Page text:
What to do if Your Credit Score is Low?

If you find yourself with a low credit score, do not panic. There are practical steps you can take to improve your creditworthiness and set yourself on the path to financial success.

Check Your Credit Report

Start by obtaining a copy of your CIBIL credit report from major credit bureaus such as Equifax, Experian, and TransUnion. Review the report for inaccuracies, unauthorized accounts, or any other discrepancies dragging down your score. Dispute any errors you find to ensure your credit report accurately reflects your financial history.

Understand Your Credit Score

Familiarize yourself with the factors contributing to your credit score. The two most important components are payment history and credit utilization. Late payments, defaults, and high credit card balances can significantly impact your score. Understanding these factors will help you prioritize areas that need improvement.

Create a Budget

Take control of your finances by creating a realistic budget. Analyze your income and expenses, identifying areas where you can cut back. Allocating funds responsibly and avoiding unnecessary debt will positively impact your credit score.

Pay Bills on Time

Your payment history is crucial in determining your CIBIL score. Consistently paying bills on time will have a positive impact. Set up automatic payments or reminders to ensure you never miss a due date.

Reduce Credit Card Balances

High credit card balances relative to your credit limit can harm your credit score. Aim to reduce outstanding balances and keep your credit utilization below 30%. This demonstrates responsible credit management and can lead to a higher credit score.

Diversify Your Credit Mix

A diverse mix of credit types, such as credit cards, instalment loans, and mortgages, can positively impact your credit score. However, avoid opening multiple new accounts at once, as this can have a negative effect.

Become an Authorized User

If you have a trusted family member or friend with a good credit history, consider becoming an authorized user on their credit card. This can help improve your credit score by incorporating their positive credit behavior into your history.

Be Patient and Persistent

Improving your credit score is a gradual process. Be patient and stay committed to your financial goals. Consistent, positive financial habits will lead to long-term improvements in your creditworthiness.

Will Checking Your CIBIL Report Repeatedly Hamper Your Score?

Checking your credit report, also known as a “soft inquiry” or “soft pull,” does not impact your credit score. Soft inquiries occur when you review your credit reports, potential employers conduct background checks, or when lenders perform pre-approved credit checks. These inquiries are harmless and do not affect credit scores because they are initiated by the consumer for informational purposes.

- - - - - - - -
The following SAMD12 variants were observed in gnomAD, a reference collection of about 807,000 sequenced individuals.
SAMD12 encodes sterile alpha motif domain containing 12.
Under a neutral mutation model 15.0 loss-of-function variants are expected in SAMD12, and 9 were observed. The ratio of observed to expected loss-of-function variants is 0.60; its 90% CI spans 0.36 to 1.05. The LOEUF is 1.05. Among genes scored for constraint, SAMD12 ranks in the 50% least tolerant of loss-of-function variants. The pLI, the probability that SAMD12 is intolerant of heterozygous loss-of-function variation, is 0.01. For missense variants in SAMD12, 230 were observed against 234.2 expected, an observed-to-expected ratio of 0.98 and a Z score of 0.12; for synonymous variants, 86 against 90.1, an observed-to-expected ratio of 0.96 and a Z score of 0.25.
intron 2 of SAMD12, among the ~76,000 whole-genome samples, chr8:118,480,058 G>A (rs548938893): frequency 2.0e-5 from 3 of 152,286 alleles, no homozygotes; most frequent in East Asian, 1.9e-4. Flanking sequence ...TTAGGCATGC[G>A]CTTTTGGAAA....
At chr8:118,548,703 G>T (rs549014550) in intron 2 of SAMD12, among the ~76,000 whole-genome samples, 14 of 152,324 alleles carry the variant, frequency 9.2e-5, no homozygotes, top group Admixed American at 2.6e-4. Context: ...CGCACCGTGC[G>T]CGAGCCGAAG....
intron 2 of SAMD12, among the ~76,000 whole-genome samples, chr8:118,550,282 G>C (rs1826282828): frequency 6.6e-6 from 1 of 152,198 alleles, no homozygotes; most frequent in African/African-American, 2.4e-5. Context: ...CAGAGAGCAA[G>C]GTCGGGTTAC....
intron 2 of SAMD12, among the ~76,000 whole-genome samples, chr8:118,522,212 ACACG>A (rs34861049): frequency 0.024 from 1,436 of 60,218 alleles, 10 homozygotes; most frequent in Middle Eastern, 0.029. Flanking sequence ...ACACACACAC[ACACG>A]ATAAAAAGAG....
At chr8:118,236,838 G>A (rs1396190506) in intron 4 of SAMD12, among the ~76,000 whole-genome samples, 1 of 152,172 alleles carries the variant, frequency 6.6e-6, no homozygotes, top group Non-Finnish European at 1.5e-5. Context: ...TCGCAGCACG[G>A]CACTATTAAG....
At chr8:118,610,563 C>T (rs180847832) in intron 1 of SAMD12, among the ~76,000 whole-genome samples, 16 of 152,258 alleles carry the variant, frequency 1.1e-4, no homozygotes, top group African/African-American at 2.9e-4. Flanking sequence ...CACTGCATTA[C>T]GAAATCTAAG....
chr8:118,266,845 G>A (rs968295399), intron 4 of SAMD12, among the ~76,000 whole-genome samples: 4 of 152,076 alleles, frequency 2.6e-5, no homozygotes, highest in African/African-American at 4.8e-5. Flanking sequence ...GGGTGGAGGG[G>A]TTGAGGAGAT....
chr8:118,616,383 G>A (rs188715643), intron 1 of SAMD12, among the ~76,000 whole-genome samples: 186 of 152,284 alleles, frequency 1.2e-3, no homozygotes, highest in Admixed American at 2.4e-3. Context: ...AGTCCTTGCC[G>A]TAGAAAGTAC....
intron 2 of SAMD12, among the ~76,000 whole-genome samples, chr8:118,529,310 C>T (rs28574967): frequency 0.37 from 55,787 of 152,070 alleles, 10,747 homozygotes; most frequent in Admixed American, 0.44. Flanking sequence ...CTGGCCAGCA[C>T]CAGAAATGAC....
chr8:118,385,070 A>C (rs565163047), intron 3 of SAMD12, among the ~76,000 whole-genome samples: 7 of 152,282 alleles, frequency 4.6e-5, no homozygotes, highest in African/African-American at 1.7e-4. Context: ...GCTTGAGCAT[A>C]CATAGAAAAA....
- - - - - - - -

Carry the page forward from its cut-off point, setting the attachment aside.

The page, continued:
However, it is crucial to distinguish soft inquiries from “hard inquiries” or “hard pulls.” Hard inquiries occur when lenders review your credit report as part of a credit application process, such as when applying for a credit card or loan. Unlike soft inquiries, hard inquiries can have a minimal and temporary impact on your credit score, usually lowering it by a few points. The impact is short-lived, and the score typically rebounds within a few months.

Difference Between CIBIL Report & CIBIL Score

Regarding managing your financial health, two crucial elements are significant: the CIBIL report and the CIBIL score. Both are essential tools for lenders to evaluate your creditworthiness, but they serve different purposes and provide distinct information.

Feature

CIBIL Report

CIBIL Score

Definition

A detailed record of your credit history, including credit accounts, repayment behavior, outstanding debts, and any defaults or late payments.

A numeric representation of your creditworthiness, ranging from 300 to 900, based on your credit history and financial behavior. A higher score indicates better creditworthiness.

Components

Comprehensive information about your credit accounts, loan details, credit card usage, and any negative remarks such as defaults or late payments.

Solely a numerical representation derived from the information in your credit report. It does not provide a detailed breakdown of your credit history.

Purpose

Provides a detailed overview of your credit history and financial behavior, helping lenders assess your creditworthiness comprehensively.

Serves as a quick reference point for lenders to gauge your creditworthiness without delving into the details of your credit report.

Frequency of Updates

Typically updated every month to reflect changes in your credit accounts, new loans, and repayment behavior.

Dynamic and can change in real-time based on your financial activities and transactions. Lenders may request the latest score when assessing your credit application.

Accessibility

Can be requested by individuals from credit bureaus, and one free report per year is mandated by the RBI.

Accessible to individuals through credit bureaus and various financial institutions. Some credit cards and financial platforms also provide free access to your CIBIL score.

Importance for Lenders

Offers a detailed insight into your creditworthiness, enabling lenders to make informed decisions about your loan or credit card application.

Provides a quick snapshot of your creditworthiness, facilitating faster decision-making for lenders.

How to Read Your CIBIL Report?

Understanding how to read your CIBIL report is essential for maintaining good financial health and ensuring access to credit when needed.

Review Personal Information

Ensure your personal details, including name, address, and contact information, are accurate. Any errors should be reported to CIBIL for correction.

Check Employment Information

Verify the accuracy of your employment details. Employment stability can positively impact your creditworthiness.

Examine Account Information

Check the status of each account (e.g., open, closed, settled) and review payment histories. Timely payments contribute significantly to a positive credit score.

Understand Credit Score Factors

Familiarize yourself with the factors influencing your credit score. Pay attention to areas where improvement is needed, such as reducing credit card balances or addressing overdue payments.

Monitor Credit Utilization